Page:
Pfc. Colton Rusk with bomb sniffing dog Eli.

Our heart goes out to Pfc. Colton Rusk and his family. They are doing a great thing by taking in Eli.

— Kenn

By MARK COLLETTE For Scripps Howard News Service

ORANGE GROVE, Texas – When Pfc. Colton Rusk was shot by Taliban fighters in Afghanistan, his war dog, Eli, crawled atop the Marine to protect him.

The young Marine died from that Dec. 5 attack, but the black Labrador is soon to have a new home with the family of his fallen comrade.

Later this week, Rusk’s mother, Kathy Rusk, and other relatives will attend an unofficial ceremony at Lackland Air Force Base in San Antonio where Eli will be entrusted to their care.

Rusk, 20, was a machine-gunner and Eli’s handler. Eli, trained to identify explosives, was part of the Military Working Dog program based at Lackland. Dogs trained to detect improvised bombs have discovered hundreds of thousands of pounds of explosives and weapons in Iraq and Afghanistan.

Rusk’s mother, Kathy Rusk, said the family isn’t ready to talk about Eli’s homecoming and wants to keep the attention and distractions to a minimum because the family isn’t sure how the dog will react to his new environment.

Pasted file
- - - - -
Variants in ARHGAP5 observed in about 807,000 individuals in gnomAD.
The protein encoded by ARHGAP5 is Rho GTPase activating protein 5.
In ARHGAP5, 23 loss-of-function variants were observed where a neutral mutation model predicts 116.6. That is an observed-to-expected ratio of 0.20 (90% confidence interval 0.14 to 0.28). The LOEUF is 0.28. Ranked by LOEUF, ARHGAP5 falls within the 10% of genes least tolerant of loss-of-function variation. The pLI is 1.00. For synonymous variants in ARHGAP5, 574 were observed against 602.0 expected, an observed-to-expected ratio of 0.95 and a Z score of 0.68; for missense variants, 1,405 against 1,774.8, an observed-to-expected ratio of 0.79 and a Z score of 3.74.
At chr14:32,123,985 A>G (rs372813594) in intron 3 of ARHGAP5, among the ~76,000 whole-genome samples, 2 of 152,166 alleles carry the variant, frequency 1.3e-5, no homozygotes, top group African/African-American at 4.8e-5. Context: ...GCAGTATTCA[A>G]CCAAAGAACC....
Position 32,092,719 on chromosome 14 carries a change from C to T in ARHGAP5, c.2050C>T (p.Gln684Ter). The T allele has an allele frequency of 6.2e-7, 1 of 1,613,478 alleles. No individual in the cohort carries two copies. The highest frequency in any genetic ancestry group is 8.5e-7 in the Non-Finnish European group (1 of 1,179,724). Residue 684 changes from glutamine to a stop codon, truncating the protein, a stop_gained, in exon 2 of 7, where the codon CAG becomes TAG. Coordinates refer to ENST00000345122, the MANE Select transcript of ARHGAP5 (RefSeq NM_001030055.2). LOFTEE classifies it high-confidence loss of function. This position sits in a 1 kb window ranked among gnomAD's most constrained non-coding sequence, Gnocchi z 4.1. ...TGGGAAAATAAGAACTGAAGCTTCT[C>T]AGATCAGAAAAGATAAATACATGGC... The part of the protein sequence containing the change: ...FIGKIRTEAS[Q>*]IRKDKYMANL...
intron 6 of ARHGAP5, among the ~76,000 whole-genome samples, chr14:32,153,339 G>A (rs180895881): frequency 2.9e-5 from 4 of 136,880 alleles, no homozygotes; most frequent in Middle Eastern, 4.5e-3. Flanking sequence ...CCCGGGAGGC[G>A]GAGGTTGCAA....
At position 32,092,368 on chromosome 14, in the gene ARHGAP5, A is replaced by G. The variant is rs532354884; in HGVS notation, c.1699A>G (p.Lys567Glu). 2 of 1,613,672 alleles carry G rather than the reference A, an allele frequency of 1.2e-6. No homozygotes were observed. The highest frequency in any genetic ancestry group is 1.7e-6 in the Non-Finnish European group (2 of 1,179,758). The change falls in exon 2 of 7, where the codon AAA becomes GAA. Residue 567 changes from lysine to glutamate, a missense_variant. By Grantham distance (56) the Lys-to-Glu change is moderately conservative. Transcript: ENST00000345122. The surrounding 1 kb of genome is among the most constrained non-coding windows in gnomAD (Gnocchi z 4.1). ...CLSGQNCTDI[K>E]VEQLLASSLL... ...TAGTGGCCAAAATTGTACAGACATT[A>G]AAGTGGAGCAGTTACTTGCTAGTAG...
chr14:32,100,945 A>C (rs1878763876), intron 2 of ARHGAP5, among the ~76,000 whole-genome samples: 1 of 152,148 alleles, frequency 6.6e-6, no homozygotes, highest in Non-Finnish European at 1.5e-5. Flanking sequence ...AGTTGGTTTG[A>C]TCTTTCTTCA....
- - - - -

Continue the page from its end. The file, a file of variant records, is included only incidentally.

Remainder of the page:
But family members have said that because of Rusk’s love and pride in Eli, his parents consider the dog a member of the family.

Eli even shared Rusk’s cot when sleeping, said Yvonne Rusk, Colton’s aunt.

“They do get attached,” said Lt. Josh Diddams, a Marine Corps public affairs officer. “A lot of times these dogs and handlers will be best friends during their deployment. It can be hard for the Marines because they may only do one tour as a dog handler.”

Military working dogs aren’t always discharged from service soon after the death of a handler, said Gerry Proctor, public affairs officer for the Air Force 37th Training Wing at Lackland. Dogs may be transferred to train with other handlers or units as long as they are fit for service.

In Eli’s case, the commander of Rusk’s unit, the 3rd Battalion, 5th Regiment, recommended the dog for retirement and adoption at the family’s request, Proctor said.

Diddams said it’s difficult to quantify how many lives the dogs have saved because soldiers often simply avoid areas where the dogs alert.

“Marines love them,” he said. “They’re amazing at what they do.”